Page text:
Indonesia is on course to allow mining firms to apply earlier for license extension in a move that is expected to provide more certainty for businesses, as the government seeks to deregulate a number of policies to spur economic growth.
Energy and Mineral Resources Minister Sudirman Said revealed on Thursday that hard-mineral miners could submit license extension proposals 10 years prior to their expiry, from a previously limit of two years before expiry. Non-metal mineral mining firms can apply for license extension five years prior to expiry.
The regulation, a revision of government regulation No. 77 issued in 2014, is part of President Joko "Jokowi" Widodo's first batch of economic policy packages to address the country's ongoing economic weakness.
"This is part of [the government's efforts] in bringing legal certainty" for companies operating in the country, Sudirman told reporters, saying that the existing regulation allowing license extension only two years before expiry "doesn't make sense."
There are a number of contracts that will expire in the next 10 years, and thus they will have the opportunity to submit requests for license extension as soon as possible, according to Sudirman, citing Newmont Nusa Tenggara, Freeport Indonesia, Vale Indonesia and Karimun Granit.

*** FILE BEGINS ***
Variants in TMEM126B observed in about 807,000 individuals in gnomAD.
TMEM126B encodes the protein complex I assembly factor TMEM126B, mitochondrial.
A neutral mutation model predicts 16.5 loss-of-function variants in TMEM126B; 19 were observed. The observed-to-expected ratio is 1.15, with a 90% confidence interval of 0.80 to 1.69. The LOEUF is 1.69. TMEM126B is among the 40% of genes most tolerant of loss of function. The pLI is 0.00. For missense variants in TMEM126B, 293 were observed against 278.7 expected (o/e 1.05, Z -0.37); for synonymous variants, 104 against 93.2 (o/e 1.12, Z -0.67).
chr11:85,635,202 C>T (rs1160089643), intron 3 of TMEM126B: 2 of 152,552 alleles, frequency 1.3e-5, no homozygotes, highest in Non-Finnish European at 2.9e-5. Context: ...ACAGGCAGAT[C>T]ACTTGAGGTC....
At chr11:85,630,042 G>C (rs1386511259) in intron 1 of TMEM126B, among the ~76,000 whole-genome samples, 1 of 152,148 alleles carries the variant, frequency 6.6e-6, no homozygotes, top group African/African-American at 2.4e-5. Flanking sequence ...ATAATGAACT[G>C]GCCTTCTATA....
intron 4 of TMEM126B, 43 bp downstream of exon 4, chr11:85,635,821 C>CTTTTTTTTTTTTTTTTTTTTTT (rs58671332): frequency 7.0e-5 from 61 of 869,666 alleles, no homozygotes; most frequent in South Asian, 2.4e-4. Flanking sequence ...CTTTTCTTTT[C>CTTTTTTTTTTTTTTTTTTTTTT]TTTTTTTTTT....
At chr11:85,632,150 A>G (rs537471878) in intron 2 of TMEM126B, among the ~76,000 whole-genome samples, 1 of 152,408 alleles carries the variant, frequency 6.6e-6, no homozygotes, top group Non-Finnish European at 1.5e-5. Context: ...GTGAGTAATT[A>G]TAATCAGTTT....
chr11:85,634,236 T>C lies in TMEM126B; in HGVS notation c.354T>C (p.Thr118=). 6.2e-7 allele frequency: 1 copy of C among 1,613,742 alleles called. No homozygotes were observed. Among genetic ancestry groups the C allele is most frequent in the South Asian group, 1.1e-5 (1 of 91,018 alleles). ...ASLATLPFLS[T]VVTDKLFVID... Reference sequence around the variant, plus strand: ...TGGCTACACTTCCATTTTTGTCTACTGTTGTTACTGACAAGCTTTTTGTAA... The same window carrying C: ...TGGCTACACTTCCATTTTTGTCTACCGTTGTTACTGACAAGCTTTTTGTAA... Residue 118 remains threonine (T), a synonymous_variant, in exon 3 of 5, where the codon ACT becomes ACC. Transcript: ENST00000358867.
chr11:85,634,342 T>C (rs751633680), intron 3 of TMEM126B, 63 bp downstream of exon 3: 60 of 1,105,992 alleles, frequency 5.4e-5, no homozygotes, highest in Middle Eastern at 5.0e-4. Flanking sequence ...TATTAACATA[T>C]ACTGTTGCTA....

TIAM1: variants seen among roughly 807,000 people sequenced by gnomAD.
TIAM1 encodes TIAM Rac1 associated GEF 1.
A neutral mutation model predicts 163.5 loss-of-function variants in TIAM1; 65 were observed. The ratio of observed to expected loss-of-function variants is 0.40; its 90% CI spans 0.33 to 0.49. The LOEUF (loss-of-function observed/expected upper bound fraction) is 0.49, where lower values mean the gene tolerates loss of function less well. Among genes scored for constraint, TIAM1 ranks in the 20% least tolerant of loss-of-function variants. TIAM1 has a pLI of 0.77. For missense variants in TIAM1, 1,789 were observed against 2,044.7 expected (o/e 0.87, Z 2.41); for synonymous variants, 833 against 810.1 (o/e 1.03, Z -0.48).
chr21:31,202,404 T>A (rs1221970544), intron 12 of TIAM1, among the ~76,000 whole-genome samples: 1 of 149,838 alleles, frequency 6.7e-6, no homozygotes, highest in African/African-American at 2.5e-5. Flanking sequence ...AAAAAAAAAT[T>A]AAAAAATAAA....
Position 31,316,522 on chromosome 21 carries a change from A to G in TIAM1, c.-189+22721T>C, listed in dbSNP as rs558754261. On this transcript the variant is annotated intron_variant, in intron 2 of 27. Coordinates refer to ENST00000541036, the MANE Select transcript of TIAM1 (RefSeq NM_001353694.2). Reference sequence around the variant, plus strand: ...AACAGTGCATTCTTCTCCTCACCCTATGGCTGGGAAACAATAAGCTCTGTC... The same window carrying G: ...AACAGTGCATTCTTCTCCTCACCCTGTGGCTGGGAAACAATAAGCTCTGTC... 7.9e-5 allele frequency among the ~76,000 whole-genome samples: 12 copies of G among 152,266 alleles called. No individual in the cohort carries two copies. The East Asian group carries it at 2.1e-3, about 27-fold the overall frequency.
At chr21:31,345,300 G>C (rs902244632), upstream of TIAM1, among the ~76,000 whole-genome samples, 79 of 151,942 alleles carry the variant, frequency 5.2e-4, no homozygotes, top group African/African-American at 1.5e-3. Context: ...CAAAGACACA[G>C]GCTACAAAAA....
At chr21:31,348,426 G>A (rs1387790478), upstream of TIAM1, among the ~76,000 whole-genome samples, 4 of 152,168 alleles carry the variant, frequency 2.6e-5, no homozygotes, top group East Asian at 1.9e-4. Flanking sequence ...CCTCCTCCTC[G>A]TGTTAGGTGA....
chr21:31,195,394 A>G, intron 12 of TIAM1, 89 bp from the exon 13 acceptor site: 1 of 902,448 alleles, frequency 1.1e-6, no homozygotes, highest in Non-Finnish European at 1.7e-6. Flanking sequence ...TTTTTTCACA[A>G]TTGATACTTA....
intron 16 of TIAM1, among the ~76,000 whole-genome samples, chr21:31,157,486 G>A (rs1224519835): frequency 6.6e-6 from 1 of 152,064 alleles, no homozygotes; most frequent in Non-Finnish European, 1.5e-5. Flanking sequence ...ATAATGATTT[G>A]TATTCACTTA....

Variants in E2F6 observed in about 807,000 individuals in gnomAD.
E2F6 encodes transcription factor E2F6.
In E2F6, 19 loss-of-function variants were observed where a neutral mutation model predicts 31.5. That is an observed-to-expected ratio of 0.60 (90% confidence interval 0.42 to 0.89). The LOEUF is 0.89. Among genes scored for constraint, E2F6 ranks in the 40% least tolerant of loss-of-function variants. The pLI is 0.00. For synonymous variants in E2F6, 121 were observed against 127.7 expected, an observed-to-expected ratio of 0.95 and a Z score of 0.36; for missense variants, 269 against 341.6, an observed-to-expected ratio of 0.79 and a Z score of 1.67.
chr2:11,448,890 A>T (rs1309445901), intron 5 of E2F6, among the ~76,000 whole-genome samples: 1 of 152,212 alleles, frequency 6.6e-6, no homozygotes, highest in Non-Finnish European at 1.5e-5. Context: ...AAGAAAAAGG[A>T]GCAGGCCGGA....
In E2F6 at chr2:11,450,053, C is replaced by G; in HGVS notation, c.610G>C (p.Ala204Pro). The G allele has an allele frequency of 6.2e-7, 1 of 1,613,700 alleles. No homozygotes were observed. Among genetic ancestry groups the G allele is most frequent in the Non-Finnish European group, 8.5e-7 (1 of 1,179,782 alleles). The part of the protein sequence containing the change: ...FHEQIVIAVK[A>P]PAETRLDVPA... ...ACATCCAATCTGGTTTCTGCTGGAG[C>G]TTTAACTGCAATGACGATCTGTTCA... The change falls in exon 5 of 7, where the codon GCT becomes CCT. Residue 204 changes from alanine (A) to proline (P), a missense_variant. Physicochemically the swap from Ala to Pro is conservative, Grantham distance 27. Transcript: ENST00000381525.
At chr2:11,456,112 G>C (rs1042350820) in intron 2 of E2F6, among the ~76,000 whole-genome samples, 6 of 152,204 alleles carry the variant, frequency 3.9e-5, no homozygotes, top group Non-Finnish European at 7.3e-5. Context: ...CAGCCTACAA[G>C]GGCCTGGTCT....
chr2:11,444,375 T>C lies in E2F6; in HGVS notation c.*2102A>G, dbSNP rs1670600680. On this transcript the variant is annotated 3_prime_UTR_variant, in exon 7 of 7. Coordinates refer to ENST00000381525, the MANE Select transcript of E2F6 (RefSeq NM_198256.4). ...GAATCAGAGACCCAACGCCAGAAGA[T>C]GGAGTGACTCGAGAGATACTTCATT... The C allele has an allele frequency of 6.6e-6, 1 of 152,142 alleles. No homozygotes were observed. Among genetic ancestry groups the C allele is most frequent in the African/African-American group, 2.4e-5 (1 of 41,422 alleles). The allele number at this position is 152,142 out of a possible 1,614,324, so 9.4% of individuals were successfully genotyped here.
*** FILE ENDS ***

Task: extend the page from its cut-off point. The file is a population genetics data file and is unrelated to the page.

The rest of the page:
Because of their high risks and large investments, early license extension could provide certainty for the businesses to lay out financial plans for their operations to extend their presence here, he added.
The current two-year period for license extension has been seen as too short for firms planning massive investment, with the long time to see returns on investments.
A mining company will be allowed to request for a 10-year extension period for its operation in Indonesia. The extension period can be proposed twice, so that the firm could get a maximum extended operation timeline of 20 years.
One of the most high-profile cases is that of mining contract extension of copper giant PT Freeport Indonesia, the Indonesian unit of US-based Freeport McMoRan Inc, which has expressed uncertainty about the continuation of its operations, as its contract will expire in 2021.
Based on existing regulations, the company can only apply for a license extension in 2019, but it needs certainty in advance to decide whether or not to develop underground mining in its operation area in Grasberg, Papua, and a new copper smelter in Gresik, East Java, to support its existing facilities.
The uncertainty of Freeport's operation beyond 2021 has contributed to the sluggish progress of the company's smelter development, which is required by the government's latest policy banning exports of unrefined minerals.
Energy and Mineral Resources Ministry's secretary general, Teguh Pamudji, said the revised rule will enable Freeport to secure legal ground to extend its operations in Indonesia. However, instead of holding a contract of work, the firm will be given a mining license, locally known as IUP.
"The current law [2009 Mining Law] states that we have to honor the existing contract until its expiry. Therefore, the extension [for Freeport] will be calculated starting from 2021," he said.
The 2009 Mining Law, passed during the era of former president Susilo Bambang Yudhoyono, regulates several points that led to massive adjustments in the handling of mining sector contracts in the country. One of the adjustments is that the country will no longer use the contract of work and will only give licenses for companies operating in the country.